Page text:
Displaying Your Work
Another issue along the same vein is prominently displaying the work that you’ve done. It’s great to have a dedicated portfolio page on your site, but that content needs to trickle over to the homepage.
In this job market, the employer is king. By this I mean that potential employers are likely sitting at their desk with a mound of fresh resumes, giving them much more freedom to be picky and you a much smaller chance of being chosen.
Since employers have so many candidates to choose from, they’re going to focus on those with a strong level of experience. They’re not going to read your life story, sift through your blog or check out your Facebook page, they’re going to look at your work. If they don’t see it right away, they’re likely to move on to the next guy or girl in the stack.
This can be rough for someone coming right out of college, but fortunately Keith does have some strong content that he can show off, including a sizable media plan for Kashi. Keith needs to move samples of this content over to the homepage and display them loud and proud.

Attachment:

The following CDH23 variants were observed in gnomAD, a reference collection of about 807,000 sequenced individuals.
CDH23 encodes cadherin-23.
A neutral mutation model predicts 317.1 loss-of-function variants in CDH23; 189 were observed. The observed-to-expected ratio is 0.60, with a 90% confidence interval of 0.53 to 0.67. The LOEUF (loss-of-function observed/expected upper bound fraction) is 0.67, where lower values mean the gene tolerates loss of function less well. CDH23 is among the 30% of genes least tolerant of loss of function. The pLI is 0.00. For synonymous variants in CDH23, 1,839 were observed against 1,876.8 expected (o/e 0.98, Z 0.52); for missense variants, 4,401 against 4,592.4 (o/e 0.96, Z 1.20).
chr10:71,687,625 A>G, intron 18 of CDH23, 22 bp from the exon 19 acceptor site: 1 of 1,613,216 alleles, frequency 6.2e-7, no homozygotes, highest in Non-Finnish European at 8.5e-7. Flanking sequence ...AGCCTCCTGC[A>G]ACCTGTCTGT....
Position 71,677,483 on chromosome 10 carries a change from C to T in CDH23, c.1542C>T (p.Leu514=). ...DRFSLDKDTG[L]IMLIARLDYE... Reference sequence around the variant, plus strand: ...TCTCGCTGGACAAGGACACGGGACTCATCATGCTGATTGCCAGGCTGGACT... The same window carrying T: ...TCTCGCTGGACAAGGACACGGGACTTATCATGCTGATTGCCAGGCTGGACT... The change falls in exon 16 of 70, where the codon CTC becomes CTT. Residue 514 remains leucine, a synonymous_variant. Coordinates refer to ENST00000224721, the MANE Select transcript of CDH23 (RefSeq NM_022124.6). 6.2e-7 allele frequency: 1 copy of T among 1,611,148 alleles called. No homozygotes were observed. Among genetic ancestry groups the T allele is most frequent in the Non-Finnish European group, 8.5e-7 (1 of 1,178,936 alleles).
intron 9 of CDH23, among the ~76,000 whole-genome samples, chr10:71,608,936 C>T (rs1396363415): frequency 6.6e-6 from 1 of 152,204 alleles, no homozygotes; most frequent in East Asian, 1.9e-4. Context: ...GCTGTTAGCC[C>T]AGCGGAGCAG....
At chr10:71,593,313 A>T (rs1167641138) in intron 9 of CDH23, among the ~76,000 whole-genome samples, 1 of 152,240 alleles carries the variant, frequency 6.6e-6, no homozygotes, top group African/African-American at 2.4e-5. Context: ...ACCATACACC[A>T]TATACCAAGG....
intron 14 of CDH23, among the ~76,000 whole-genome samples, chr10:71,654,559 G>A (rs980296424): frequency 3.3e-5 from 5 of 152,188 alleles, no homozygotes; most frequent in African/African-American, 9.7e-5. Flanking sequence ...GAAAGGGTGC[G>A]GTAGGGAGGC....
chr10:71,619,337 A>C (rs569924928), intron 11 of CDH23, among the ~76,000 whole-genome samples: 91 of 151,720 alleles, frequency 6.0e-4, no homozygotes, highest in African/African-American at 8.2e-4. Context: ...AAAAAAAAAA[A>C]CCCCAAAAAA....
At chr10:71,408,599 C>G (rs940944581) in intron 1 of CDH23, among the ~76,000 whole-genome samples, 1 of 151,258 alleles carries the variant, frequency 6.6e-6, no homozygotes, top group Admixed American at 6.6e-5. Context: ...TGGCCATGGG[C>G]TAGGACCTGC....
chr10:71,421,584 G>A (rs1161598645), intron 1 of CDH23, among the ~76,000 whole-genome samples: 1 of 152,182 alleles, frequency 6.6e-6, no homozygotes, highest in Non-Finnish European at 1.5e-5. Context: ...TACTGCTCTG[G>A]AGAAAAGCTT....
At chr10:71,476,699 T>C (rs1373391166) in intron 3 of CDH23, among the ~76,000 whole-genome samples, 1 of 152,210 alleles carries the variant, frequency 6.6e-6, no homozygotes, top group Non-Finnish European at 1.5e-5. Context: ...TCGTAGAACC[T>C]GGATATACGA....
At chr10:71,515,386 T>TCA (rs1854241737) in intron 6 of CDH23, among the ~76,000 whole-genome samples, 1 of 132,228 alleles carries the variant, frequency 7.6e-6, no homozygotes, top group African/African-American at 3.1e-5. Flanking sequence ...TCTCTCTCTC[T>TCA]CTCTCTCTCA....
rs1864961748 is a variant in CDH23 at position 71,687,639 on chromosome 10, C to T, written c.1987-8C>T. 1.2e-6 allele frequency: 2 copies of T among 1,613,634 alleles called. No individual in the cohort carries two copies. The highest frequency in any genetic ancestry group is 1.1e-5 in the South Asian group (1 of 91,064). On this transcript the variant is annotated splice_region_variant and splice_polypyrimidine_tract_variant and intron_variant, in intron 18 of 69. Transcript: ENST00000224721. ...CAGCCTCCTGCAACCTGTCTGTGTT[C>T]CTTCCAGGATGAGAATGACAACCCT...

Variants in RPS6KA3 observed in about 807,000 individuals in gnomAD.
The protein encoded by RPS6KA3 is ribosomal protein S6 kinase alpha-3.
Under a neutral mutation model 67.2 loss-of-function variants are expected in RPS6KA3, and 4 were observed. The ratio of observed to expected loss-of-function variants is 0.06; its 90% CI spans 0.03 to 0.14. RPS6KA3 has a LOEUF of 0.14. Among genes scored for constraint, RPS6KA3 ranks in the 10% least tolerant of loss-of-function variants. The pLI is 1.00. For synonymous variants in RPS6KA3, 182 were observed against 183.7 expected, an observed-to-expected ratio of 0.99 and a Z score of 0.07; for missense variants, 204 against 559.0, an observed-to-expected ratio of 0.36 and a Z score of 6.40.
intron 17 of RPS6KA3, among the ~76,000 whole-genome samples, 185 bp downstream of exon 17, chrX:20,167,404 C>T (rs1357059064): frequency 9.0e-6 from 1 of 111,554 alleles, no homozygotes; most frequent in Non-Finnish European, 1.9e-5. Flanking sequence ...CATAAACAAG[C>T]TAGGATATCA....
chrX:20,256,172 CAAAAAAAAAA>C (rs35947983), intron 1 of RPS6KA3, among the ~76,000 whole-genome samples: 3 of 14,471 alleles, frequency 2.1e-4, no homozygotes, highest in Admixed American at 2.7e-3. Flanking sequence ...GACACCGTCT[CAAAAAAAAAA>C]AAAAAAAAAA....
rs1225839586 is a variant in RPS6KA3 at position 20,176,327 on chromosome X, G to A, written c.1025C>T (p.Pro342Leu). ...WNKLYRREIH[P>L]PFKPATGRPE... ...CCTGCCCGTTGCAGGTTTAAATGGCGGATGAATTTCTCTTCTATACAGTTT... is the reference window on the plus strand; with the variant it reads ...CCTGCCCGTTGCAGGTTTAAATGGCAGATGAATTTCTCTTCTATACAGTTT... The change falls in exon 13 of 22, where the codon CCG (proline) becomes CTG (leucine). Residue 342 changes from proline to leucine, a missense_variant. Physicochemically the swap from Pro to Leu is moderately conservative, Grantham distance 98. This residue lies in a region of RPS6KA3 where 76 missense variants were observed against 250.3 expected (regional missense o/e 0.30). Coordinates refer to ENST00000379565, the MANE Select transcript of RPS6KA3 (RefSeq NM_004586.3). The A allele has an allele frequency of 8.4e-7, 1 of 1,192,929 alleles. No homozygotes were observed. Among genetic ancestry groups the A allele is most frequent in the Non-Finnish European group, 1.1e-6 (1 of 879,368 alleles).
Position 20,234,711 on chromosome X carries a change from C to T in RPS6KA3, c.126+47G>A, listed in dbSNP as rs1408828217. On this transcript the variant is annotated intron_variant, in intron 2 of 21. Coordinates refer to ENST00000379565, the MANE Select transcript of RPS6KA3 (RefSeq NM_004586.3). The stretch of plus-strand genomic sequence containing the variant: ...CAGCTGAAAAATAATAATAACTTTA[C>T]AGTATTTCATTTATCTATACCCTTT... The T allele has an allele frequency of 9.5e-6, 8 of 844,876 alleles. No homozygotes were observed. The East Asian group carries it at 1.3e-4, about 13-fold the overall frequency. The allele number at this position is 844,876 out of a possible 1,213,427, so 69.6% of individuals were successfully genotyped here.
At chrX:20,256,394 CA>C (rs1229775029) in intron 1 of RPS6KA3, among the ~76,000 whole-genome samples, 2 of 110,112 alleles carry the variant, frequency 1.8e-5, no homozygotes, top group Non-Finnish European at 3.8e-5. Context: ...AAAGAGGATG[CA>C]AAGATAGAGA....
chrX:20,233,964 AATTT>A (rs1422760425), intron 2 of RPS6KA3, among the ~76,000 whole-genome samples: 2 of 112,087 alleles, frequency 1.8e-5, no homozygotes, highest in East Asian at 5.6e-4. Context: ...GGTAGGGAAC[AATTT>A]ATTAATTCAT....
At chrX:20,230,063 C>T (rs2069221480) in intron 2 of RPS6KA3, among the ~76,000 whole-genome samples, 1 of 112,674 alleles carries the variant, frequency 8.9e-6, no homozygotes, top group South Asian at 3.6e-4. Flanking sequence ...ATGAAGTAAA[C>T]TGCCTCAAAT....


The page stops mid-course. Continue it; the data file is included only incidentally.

The Acme Creative website below is an excellent example of this idea in practice. There’s no lengthy introduction, you can instantly interpret from their company name that they are a design company and their beautiful work is the first thing you see. Several examples are shown on rotation to make for an even bigger impact.
As further inspiration, Dan Strogiy’s website takes both pieces of advice that I’ve given so far and integrates them beautifully. The header states simply that Dan creates “beautiful websites, print and illustration.” This is followed by a large collection of Dan’s work.
Single page portfolio’s like Dan’s tend to be perfect for job hunting because a potential employer can see everything he/she needs to right on one page without hunting around for it. Notice the ratio of Dan’s work examples to his biographical information. His “About Me” section is a mere two sentences and appears after a large and bold display of his work. Dan didn’t skip the personal touch, but he did make sure to present his work confidently first and foremost.
Personal vs. Professional Site
It’s up for debate whether or not you should go overboard with personal information on your portfolio site, but Keith did ask for advice on creating a “professional” site.